As a final suggestion --maybe you should seek a co-writer. Not everyone is good at all things. I'm sure I'm not the only person out there overflowing with plots, but weak on the execution.

  • water margin is a great suggestion for studying plot! Good to see this being mentioned. – Guido Jorg Oct 24 '15 at 10:11
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If, in the end, it has been detailed in a 'how to' book it will have been done and so therefore you don't want to do it. Except for large scale structures nobody can tell you how to construct a plot: that is the difficult thing to do. Many people can be taught to write well: vary sentence structures; use a variety of vocabulary; etc. Coming up with original ideas for plots is something completely different. Although I spend a lot of time encouraging it, I don't think it can be taught.

  • "...it will have been done and so therefore you don't want to do it." You're saying that the key to success is finding an original plot? I'd disagree with that. Tell me a story I've heard before in an original voice, with interesting characters, with a strong point of view and I'll follow you anywhere. – Ken Mohnkern Oct 22 '15 at 13:09
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    CS Lewis: "Even in literature and art, no man who bothers about originality will ever be original: whereas if you simply try to tell the truth (without caring twopence how often it has been told before) you will, nine times out of ten, become original without ever having noticed it." ... I think one should focus on what the piece conveys without worrying if all the plot devices it uses are original. – James Kingsbery Oct 22 '15 at 13:33
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    Ken and James Points taken: plots don't have to be original. However, I still wouldn't want to get my plot out of a book of plots. – S. Mitchell Oct 22 '15 at 16:36
  • I'm looking for aspects, not a canned plot: if an abduction would drive the action, why would someone be abducted? There are lists of poisons etc. – JDługosz Oct 22 '15 at 16:42
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Any hollywood writer would tell you that this is "super easy".

how to craft plot.

  1. have a prophecy or a bunch of prophecies. if you don't want to be overly bound to the prophecies.. just have some wise men explain that prophecy is a tricky business.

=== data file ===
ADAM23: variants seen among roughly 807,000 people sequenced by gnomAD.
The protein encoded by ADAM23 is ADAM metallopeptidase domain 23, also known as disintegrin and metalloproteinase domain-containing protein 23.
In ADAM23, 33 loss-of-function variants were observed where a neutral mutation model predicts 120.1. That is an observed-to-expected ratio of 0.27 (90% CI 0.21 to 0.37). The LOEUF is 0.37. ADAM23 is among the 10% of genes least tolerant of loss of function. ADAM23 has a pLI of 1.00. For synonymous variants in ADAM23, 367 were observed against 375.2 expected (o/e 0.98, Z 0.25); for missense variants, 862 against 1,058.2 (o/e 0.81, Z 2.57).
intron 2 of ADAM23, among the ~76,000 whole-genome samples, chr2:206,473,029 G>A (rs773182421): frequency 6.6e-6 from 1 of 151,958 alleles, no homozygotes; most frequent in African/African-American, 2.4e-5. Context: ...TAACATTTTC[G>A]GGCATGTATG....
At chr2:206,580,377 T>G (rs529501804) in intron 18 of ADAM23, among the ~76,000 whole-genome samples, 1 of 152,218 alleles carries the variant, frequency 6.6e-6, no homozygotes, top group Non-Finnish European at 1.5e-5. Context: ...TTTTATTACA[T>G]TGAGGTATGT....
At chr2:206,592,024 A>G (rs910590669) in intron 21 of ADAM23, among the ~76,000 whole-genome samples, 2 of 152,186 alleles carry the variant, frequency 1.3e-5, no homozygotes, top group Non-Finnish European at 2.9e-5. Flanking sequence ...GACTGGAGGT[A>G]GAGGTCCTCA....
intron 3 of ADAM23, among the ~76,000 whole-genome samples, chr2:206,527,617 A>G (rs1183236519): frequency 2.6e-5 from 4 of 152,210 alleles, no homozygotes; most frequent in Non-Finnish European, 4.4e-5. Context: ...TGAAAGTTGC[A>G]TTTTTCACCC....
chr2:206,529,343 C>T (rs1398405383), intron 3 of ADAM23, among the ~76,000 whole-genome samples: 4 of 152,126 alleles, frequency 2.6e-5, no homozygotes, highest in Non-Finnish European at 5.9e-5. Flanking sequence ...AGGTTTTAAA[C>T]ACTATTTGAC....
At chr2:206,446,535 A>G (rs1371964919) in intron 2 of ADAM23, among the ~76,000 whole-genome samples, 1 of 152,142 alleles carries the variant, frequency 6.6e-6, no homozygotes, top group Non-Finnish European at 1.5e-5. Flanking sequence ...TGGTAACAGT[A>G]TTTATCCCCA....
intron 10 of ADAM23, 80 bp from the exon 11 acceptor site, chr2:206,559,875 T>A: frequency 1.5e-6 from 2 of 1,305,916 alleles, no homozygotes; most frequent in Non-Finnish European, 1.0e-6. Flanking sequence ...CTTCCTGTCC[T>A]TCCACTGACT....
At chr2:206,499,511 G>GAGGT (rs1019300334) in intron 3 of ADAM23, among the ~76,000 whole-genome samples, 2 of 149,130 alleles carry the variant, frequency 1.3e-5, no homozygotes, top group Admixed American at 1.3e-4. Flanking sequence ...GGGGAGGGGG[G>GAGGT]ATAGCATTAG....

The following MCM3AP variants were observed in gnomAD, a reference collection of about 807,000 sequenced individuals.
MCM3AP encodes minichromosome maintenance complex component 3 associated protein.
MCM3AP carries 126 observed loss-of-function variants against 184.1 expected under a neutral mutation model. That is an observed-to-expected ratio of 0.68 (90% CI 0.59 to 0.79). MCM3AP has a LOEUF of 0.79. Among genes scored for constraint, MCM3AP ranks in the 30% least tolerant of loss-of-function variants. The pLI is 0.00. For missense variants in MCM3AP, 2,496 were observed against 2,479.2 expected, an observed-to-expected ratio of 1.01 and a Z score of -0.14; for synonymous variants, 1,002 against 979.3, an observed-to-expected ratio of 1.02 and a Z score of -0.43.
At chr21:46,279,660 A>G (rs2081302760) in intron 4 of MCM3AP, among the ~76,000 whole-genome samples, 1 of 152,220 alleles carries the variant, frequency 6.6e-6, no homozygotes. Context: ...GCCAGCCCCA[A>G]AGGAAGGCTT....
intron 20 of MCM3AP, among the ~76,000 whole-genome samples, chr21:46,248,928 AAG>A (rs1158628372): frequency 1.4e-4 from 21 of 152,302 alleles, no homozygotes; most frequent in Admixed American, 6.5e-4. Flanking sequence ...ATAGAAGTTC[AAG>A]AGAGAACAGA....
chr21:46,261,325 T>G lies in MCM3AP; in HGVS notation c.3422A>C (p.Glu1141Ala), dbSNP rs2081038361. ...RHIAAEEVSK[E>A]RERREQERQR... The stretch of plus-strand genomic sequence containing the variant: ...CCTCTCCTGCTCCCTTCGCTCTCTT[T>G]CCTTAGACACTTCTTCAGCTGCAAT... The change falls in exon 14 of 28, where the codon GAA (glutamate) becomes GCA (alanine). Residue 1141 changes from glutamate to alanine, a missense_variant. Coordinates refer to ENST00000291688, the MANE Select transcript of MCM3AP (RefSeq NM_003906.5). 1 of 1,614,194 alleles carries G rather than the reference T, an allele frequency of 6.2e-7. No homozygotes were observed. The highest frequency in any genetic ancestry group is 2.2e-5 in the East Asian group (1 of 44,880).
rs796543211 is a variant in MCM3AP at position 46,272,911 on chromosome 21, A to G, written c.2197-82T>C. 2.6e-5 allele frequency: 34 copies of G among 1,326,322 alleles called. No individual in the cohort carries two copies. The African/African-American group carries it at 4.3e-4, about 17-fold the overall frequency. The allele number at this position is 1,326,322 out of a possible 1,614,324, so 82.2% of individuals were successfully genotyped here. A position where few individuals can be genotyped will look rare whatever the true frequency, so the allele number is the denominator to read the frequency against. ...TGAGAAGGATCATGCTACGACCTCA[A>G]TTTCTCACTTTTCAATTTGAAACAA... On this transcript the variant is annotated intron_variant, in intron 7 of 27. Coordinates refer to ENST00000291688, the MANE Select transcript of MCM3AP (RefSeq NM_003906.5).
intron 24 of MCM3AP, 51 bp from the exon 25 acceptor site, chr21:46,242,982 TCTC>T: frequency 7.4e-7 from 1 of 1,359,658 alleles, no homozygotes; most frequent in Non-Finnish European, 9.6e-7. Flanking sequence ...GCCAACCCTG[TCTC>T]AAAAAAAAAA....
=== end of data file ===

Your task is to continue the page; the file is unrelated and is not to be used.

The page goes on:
2. have an existential struggle. Doesn't matter what it is: someone trying to kill someone, economic depression, war dragons, zombies, virus, zombie virus, aliens, cgi army, or just one really bad guy. The threats don't really require explanations and if they are sentient beings they don't even need any relatable motivations. It could be power, immortality, or just the joy of ending the world. It doesn't matter (no one cares)

  3. a journey: now here is where you create your cast of characters. you might want a slightly larger cast these days, to subvert expectations and kill off some of them once in a while. The audience LOVE the Chosen one, the one that was promised, etc. etc. you can play it straight, or you can have a number of possible candidates to keep the readers guessing.

  4. Baubles: this drives the journey. It can be absolutely anything.. the characters need something to do.. so you give them something to do.. like chasing random shiny stones through the galaxy/universe. Or it could be a flash card for an amnesiac to remember what to do the next day.

  5. You need a setting.. pick something you are familiar with .. if you are familiar with nothing.. create a fantasy world... or just copy a theme you want.. (aliens, end of the world, climate change, sky beam, cgi army are all very popular).

This my friend is how MOST professional fiction writers do it.

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    You left out: 6. Travel back in time to the 1960s and publish these stories on the cheapest quality paper and sell for 10¢ each... 7. Screw over your partner Jack Kirby and take all the credit. – wetcircuit May 8 at 18:58